Still dreaming of the perfect CMS for my corporate needs, I'm sitting in front of the specifications document for a new site, thinking that Movable Type would be just fine for half of it and Macromedia Contribute 2 would work well for the other half. I might integrate both tools but I wish I had just one system that would do it, not two that go only half way. Because, you know, for those bozos from marketing, one click is ten times better than two ;-).
Recent discussions with CMS gurus have not yet unearthed The Truly Good Thing, and old-school rich text editors are, well, still hanging around with no real relief in sight. My brief hope that Midas could be the one, quickly vanished after a simple look to the tag soup it generates. I keep an eye on Nvu, but Lindows' legal battle with Microsoft notwithstanding, Disruptive Innovations is aiming at a different target (power users) for the first release of their HTML editor.
Almost a year has passed and I'm wondering why there are still new projects popping up for yet another old-school text editor, why it's so difficult for developers to understand that we want our styles in a custom, external CSS style sheet, and how long it will take before all those applets are finally replaced by office tools.
Before developing my point further, I need to describe what is a typical corporate site for me. It's 90% of static content, 9% of seemingly dynamic content and 1% of business logic. The static content is usually comprised of web pages and downloadable PDF files. The dynamic content only seems dynamic in the sense that new content is added on a regular basis and promoted in various places -- Press releases or financial results are the typical examples of this kind of content. The business logic, like registrations, is happily handled with a bit of PHP here and there.
Most CMS get this balance completely wrong. When a system fires 30 database queries and an XSLT transformation, all that through a SOAP gateway, for rendering a page which content will never ever change since its creation, you know that something is wrong and that too many electrons are sacrificed because a programmer found that playing with Java was so much sexier than implementing a cache with -- how disgraceful! -- server-side includes and static files.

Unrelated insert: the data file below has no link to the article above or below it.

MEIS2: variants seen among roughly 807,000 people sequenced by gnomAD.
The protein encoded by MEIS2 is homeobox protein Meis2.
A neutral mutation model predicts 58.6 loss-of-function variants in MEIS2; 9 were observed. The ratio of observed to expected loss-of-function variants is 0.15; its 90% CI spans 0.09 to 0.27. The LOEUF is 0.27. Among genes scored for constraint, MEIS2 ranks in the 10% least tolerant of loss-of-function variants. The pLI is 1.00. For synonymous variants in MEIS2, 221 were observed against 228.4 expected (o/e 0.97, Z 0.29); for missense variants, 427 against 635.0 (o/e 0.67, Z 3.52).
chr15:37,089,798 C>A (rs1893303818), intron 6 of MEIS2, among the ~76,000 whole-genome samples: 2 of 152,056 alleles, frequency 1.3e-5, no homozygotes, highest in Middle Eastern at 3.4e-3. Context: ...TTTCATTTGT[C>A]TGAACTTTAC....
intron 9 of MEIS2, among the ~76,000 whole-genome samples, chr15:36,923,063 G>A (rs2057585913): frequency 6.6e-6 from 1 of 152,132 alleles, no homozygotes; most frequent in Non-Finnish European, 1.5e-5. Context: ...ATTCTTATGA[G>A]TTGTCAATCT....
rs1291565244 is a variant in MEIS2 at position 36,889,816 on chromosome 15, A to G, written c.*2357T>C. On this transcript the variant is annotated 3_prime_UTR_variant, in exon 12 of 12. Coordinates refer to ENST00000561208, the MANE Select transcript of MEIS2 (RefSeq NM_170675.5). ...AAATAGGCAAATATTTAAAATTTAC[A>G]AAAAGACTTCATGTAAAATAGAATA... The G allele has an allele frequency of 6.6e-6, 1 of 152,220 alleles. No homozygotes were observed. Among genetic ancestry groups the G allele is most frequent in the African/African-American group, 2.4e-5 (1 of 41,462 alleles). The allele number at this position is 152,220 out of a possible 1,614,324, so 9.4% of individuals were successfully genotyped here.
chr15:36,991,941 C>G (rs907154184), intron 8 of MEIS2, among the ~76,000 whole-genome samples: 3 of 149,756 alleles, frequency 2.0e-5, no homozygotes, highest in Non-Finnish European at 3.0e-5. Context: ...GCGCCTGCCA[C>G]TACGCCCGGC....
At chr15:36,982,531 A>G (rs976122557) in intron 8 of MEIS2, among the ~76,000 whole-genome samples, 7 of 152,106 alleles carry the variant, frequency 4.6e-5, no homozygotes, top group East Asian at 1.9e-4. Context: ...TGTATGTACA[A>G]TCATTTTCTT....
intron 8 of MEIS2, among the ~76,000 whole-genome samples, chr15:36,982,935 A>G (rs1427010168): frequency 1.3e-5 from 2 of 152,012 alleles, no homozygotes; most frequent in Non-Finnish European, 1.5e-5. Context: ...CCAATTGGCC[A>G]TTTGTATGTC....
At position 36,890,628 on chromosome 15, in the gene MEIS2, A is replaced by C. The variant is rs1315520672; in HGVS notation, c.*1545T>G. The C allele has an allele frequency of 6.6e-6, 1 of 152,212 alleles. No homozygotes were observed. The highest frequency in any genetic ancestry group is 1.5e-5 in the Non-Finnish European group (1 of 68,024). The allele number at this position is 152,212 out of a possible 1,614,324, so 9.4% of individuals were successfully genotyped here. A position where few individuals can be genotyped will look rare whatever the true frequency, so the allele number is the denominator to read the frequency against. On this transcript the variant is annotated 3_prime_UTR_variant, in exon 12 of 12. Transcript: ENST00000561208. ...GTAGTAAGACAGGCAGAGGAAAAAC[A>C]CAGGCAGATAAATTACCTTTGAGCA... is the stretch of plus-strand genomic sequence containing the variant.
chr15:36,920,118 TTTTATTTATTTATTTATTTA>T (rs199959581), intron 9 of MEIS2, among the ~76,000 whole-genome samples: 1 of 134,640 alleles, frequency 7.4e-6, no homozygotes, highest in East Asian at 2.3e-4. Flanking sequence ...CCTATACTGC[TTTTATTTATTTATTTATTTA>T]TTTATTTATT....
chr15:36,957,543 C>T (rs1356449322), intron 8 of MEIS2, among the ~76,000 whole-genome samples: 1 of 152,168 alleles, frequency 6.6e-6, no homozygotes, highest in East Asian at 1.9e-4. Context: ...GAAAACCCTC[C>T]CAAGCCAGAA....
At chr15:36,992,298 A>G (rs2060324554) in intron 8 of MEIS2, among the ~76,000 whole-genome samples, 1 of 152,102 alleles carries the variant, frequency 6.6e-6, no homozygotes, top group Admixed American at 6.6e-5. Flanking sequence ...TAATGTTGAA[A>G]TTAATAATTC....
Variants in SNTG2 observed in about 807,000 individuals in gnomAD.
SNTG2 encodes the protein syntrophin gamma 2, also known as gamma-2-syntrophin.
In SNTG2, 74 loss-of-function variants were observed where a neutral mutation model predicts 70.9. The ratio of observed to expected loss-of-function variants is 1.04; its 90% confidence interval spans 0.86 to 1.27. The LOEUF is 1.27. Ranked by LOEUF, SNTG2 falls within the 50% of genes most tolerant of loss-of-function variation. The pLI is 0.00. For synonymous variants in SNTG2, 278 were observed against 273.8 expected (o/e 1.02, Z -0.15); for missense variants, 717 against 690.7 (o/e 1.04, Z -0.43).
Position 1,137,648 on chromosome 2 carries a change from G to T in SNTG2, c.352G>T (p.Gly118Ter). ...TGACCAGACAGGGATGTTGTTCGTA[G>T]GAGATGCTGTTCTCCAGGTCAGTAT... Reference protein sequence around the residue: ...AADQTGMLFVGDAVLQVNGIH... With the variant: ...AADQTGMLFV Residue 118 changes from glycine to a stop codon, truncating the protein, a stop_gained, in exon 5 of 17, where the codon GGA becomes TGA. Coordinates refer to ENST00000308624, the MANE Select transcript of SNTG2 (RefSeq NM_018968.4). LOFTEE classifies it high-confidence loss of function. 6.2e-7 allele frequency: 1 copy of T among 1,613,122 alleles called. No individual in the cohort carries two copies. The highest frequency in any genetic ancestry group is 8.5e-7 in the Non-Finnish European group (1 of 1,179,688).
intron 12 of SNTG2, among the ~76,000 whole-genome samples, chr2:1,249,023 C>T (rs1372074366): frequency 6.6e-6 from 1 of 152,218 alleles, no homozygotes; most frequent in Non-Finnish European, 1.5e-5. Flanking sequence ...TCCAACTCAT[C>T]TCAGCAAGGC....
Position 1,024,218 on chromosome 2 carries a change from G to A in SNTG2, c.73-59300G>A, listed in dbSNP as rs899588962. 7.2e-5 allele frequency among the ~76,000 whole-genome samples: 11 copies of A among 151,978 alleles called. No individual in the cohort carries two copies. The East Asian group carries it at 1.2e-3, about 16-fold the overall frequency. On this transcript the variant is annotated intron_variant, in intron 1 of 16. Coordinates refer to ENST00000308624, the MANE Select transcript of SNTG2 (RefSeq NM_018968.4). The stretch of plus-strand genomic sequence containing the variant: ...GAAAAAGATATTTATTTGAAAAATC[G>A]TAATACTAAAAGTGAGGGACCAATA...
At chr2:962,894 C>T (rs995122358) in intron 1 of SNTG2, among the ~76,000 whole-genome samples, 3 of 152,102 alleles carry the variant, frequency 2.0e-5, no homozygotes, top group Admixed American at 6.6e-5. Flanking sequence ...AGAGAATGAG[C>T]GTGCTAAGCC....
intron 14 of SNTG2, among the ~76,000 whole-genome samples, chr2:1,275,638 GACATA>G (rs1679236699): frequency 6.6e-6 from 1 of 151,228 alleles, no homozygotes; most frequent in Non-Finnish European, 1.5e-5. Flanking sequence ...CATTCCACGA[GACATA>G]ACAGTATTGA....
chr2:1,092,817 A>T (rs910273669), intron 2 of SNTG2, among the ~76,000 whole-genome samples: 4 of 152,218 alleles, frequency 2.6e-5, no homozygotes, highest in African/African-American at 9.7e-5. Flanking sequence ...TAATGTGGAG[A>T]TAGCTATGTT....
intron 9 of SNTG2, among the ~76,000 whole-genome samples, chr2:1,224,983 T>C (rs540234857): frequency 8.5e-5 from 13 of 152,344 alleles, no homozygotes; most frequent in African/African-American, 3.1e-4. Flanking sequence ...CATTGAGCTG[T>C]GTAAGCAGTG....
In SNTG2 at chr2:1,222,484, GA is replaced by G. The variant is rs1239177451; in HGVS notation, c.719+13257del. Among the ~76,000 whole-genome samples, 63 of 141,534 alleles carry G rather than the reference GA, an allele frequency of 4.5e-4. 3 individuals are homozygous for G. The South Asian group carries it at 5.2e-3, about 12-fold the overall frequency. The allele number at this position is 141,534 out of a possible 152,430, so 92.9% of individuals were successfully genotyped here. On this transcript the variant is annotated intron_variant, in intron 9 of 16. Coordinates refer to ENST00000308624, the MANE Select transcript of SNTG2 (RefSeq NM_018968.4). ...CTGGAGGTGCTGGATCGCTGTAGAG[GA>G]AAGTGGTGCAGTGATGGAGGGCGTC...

This is where I think both MT and Contribute have an advantage, in their own way.
MT has a quite unique (in the weblog world) way of generating content. It generates static files using templates and a smart algorithm that will create or modify files only when and where needed. It is also completely agnostic in terms of other server-side technologies, so I can carry my business logic as usual. For those press releases and alike, MT is very attractive because, in terms of workflow, I see absolutely no difference between them and weblog posts (add one, create a new page, list it on the home page, move old ones down one notch and update the archives). Its main caveats, for me, are the lack of a good rich text editor, better handling of file uploads and inflexible data model -- on which I'm not really entitled to complain, as Six Apart does not (yet) brand MT as more than a weblog tool. The last point, basically that all content for MT is a weblog post, makes it not very attractive for my 90% of static pages and documents.
Here comes Contribute. With it, Macromedia is the only vendor I know of which has a cross-platform, good-enough wysiwyg and CSS-savvy HTML editor with advanced functionalities such as file uploads and versioning (for reasons that I might
rant about explain later, I have not tested Adobe GoLive Co-Author, a competitor product to Contribute). Contribute is tailored for managing static web pages and documents and, as a desktop application, has a much better user interface than anything you can expect from a browser or so-called RIAs. Caveat: Contribute is tailored for managing static web pages and documents. This means that adding a new press release to a site with Contribute is a cumbersome manual process involving so many steps and as many chances to screw up some important pages such as the site home page that, as the webmaster, I'd rather not let the boz marketing folks touch. Contribute is missing a way to trigger processes on the server, or talk to a database to cascade changes automatically.
Now someone finds a way to integrate Contribute and MT, with the former as the user interface and the latter as the back-end template system, and I'm the happiest webmaster on earth. Until I switch my sites to web standards that is, but that is another story.